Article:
Thursday, December 11, 2014


My totally cool friend, Justine Browning, and I have reviewed movies together for Arise On Screen on cable's Arise TV.  For days, Justine kept urging me to see a new independent thriller -- a modern day vampire movie called A Girl Walks Home Alone At Night.

I really didn't want to go see another modern vampire story like a Twilight adventure.  I was tired of twinkie teen vampires who sparkled like they were dusted with disco glitter.  But I promised Justine I'd go.  She was positive it would appeal to my classic film-loving heart.  She was right.

I was a bit grumpy when I took a seat in the theater.  Then this black and white feature started.  A ruthless female vampire in Iran who wears sneakers, rides a skateboard and listens to Lionel Richie?  OK.  I was hooked.  The movie was fascinating.  This vampire was fascinating.  A Girl Walks Home Alone At Night is one of the most original fright movies I've seen in years.  The story takes place in a culturally arid and financially depressed Iranian city.  Loneliness and despair are in the air.  Death is present.                                          
I've heard that director/screenwriter Ana Lily Amirpour did not purposely set out to make a feminist film.  But I could not help but notice that the vampire's victims were abusive men in a society that treats women like second or third class citizens.
If you liked this book --
...I think you will totally dig this low-budget, highly entertaining, smart movie.

This story works best in black and white.  The cinematography has a rich, striking, classic film look to it -- like the work of cinematographer Haskell Wexler whose credits include Mike Nichols' Who's Afraid of Virginia Woolf? and Elia Kazan's America, America.  Both of those classics were filmed in black and white.  A Girl Walks Home Alone At Night was shot with the economy and compassion of a 1950s Italian film by De Sica or Fellini.

The screenplay is tight and witty.  Instead of trying to be hip and edgy, the visuals present a new look at what we've seen before.  She's a Middle Eastern woman whose burka doubles as her vampire's cape.  Brilliant.  This vampire is a terror.  She's done bad things.  But she's also lonely.  The movie gives us a the kind of imaginative "meet cute" that Ernst Lubitsch, Preston Sturges and Billy Wilder would've loved.  While walking the streets in search of a victim, she sees a gentle young man.  Having left a costume party, he's whacked out on Ecstasy and is standing on a sidewalk, staring up at a street light.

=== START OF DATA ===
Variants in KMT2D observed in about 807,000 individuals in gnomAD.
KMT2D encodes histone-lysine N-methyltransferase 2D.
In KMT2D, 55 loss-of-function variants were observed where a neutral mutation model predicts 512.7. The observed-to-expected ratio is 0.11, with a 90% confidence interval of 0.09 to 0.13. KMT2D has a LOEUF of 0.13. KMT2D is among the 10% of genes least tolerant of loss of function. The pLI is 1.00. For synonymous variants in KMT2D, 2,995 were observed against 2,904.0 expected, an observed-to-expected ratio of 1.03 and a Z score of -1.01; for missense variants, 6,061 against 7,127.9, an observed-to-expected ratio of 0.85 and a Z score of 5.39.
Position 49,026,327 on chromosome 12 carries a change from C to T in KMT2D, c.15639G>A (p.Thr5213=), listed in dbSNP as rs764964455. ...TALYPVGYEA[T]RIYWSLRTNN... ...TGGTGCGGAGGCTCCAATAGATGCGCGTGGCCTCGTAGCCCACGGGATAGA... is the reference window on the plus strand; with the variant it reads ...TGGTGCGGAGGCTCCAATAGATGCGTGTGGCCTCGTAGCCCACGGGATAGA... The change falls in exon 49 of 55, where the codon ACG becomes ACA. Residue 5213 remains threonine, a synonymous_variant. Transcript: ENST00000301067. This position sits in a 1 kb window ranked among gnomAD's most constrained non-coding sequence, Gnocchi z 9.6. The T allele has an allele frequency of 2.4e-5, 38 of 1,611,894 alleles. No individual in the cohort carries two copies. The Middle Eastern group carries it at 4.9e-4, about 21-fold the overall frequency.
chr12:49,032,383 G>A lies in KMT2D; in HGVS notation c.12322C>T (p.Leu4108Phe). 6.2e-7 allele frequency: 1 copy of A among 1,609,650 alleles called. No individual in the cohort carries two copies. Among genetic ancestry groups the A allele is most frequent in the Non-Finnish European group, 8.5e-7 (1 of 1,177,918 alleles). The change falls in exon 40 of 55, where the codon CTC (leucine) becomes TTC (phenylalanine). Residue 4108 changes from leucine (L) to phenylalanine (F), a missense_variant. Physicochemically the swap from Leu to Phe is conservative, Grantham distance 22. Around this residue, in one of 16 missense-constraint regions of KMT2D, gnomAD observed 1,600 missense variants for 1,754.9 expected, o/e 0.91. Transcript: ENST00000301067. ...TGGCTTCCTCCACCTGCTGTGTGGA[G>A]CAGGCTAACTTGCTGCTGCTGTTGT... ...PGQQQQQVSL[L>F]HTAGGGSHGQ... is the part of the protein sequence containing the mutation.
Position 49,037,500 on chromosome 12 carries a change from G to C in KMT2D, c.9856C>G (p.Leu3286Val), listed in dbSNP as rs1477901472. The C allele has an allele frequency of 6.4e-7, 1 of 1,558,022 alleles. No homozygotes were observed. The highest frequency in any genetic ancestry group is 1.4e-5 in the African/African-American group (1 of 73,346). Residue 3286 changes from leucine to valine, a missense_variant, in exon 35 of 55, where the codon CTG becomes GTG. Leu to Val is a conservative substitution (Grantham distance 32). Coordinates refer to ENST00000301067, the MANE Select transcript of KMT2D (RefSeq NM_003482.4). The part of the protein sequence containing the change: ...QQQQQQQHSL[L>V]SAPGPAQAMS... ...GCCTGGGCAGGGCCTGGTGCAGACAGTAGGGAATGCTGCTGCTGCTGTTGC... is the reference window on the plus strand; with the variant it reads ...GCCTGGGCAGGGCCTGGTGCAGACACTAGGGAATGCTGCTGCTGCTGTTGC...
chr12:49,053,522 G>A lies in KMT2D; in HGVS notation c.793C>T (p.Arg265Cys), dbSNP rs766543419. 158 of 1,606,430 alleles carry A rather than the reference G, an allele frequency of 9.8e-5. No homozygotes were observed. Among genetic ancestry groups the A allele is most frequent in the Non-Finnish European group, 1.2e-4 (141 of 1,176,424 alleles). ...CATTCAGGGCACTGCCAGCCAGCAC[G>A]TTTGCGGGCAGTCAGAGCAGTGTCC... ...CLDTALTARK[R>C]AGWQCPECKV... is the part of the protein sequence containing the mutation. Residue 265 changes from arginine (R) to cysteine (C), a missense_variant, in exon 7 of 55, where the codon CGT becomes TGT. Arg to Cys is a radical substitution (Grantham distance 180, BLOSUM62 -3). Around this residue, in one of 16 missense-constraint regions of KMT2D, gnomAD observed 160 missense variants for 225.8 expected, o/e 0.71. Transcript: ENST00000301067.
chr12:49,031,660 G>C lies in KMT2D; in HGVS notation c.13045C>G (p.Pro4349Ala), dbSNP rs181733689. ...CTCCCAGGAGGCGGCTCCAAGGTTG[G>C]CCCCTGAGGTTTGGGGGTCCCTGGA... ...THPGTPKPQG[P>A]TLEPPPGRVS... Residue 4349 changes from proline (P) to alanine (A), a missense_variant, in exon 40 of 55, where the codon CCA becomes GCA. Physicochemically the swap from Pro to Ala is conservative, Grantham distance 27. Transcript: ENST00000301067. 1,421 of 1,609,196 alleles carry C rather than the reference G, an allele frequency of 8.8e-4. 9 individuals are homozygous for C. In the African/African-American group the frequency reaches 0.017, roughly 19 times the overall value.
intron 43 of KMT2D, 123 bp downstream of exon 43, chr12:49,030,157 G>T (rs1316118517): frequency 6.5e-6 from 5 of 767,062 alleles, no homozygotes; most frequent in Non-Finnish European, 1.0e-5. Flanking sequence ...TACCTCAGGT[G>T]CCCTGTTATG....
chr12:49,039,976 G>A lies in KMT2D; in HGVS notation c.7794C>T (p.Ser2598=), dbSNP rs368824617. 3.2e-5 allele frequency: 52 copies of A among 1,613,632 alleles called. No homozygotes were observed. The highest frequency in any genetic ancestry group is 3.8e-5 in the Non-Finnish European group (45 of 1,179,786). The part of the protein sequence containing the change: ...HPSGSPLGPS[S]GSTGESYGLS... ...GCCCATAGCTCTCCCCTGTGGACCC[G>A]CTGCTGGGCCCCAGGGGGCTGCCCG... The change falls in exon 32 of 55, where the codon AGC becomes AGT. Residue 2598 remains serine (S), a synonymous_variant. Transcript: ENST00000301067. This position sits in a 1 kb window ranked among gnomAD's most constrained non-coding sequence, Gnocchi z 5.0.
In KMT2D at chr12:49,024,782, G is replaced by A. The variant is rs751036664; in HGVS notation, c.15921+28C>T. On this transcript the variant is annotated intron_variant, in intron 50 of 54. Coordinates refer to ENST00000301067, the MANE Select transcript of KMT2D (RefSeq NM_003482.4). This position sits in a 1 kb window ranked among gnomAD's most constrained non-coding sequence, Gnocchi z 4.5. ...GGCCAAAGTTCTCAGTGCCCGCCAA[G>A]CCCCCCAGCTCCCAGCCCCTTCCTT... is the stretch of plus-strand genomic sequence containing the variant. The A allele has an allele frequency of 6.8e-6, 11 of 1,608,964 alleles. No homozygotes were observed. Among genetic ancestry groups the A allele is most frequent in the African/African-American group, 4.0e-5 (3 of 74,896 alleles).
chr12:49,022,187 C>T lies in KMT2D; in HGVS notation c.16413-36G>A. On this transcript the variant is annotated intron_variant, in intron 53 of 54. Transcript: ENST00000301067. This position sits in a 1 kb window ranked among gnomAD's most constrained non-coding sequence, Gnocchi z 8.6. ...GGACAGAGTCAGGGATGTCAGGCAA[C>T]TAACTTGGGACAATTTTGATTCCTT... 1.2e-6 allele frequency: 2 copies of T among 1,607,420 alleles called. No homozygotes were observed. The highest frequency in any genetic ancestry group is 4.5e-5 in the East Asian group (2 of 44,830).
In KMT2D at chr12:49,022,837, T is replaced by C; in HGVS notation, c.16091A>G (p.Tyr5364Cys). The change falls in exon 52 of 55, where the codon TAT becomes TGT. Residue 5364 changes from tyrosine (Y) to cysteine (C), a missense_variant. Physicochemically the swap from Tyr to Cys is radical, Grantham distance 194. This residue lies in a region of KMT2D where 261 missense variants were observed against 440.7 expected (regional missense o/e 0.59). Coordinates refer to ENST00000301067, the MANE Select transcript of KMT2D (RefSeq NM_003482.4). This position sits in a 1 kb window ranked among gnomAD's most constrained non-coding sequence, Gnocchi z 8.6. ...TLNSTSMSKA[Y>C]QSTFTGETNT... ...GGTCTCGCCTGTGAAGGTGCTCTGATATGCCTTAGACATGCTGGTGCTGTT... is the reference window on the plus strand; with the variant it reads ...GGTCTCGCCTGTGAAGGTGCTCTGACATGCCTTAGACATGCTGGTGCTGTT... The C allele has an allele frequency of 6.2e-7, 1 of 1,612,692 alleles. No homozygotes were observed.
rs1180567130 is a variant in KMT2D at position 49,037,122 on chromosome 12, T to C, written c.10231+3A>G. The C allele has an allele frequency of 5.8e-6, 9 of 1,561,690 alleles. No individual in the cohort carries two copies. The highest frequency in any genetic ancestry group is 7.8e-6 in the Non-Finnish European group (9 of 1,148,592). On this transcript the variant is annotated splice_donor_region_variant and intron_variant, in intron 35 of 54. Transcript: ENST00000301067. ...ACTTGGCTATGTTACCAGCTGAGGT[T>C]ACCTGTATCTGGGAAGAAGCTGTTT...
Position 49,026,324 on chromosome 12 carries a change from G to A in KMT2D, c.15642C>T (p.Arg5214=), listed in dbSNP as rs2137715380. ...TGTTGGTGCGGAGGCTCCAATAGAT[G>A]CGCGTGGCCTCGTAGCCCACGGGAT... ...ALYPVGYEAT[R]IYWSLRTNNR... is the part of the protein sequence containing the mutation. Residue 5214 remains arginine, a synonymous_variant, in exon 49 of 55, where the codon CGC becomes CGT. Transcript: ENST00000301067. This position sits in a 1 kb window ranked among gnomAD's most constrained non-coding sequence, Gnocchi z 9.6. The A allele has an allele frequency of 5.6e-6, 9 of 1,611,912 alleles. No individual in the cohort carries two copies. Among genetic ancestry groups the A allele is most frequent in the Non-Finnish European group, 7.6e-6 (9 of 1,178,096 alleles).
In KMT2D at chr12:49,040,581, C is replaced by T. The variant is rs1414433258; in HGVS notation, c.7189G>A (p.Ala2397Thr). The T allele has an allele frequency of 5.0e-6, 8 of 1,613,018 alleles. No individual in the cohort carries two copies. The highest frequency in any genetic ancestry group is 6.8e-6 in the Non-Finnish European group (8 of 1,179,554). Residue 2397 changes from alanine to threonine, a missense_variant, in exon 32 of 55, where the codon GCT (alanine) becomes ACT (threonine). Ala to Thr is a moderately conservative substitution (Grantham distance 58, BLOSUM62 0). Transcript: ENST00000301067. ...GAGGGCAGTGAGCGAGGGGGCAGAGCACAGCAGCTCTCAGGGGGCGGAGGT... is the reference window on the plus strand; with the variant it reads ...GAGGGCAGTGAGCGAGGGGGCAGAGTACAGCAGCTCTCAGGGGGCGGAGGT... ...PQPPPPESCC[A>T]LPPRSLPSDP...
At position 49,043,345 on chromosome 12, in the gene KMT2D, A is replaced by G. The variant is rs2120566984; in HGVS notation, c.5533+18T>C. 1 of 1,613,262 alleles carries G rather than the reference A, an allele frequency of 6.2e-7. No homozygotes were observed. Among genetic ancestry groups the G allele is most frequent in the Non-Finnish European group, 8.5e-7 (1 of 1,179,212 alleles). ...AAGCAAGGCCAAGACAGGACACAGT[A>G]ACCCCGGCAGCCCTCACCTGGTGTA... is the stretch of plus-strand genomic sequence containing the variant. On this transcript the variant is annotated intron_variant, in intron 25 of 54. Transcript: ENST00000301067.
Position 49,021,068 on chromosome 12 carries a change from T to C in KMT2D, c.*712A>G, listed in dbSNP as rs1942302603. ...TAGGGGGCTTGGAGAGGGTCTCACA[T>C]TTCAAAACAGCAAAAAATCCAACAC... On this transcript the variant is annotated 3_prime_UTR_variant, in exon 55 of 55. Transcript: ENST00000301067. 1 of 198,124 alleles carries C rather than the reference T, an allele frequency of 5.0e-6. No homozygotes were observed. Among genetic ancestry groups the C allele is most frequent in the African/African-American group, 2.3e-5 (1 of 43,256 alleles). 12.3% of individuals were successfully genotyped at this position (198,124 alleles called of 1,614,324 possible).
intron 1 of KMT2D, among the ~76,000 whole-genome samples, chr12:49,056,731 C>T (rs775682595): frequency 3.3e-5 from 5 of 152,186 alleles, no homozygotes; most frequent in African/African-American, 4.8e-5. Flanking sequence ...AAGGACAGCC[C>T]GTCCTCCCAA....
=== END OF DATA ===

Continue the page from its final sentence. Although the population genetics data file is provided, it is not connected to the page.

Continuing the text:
He's still in his party costume.  He speaks to her.  He's respectful.  He's kind.  He's dressed as Dracula and wearing a cape.  For her, it's love at first sight.  That's all I'm going to tell you about the story.  This is an odd couple that you captures your attention.  He's a sweet guy with some emotional distress in his home life.  He likes the mysterious girl he met one night and wants to see her again.  Will she reveal her real self?
Keep your eye on this filmmaker.  Her vampire thriller, A Girl Walks Home Alone At Night, does not suck at all.  (Sorry about that.)  Was it shot in Iran?  No. Ms. Amirpour would've been artistically and politically restricted.  So she shot it in Bakersfield, California.  It was the perfect location.

Great work, Ana Lily Amirpour.  You wrote and directed one of the best female-focused vampire movies I've seen since Tony Scott's The Hunger in 1983.
If I ran a revival movie theater, I would put this fine on a double bill with the 1931 classic, Dracula, starring Bela Lugosi.

Seeing this famous old Hollywood horror feature adds to the appreciation and enjoyment of A Girl Walks Home Alone At Night.


  1. Great review. I'll have to seek this title out.

  2. I saw this in a theater in Los Angeles, went in cold not having seen a trailer and was only vaguely aware of what it was about. I left thinking that this is the most beautiful, stylish and original film I've seen in forever.

    Skylanders Trap Team Review

  3. I've heard great things about it too. Fellini and DeSica. Must see it now.



 I clicked onto Netflix and started watching this film about ten minutes after midnight. Honestly, I thought I'd get sleepy and stop wat...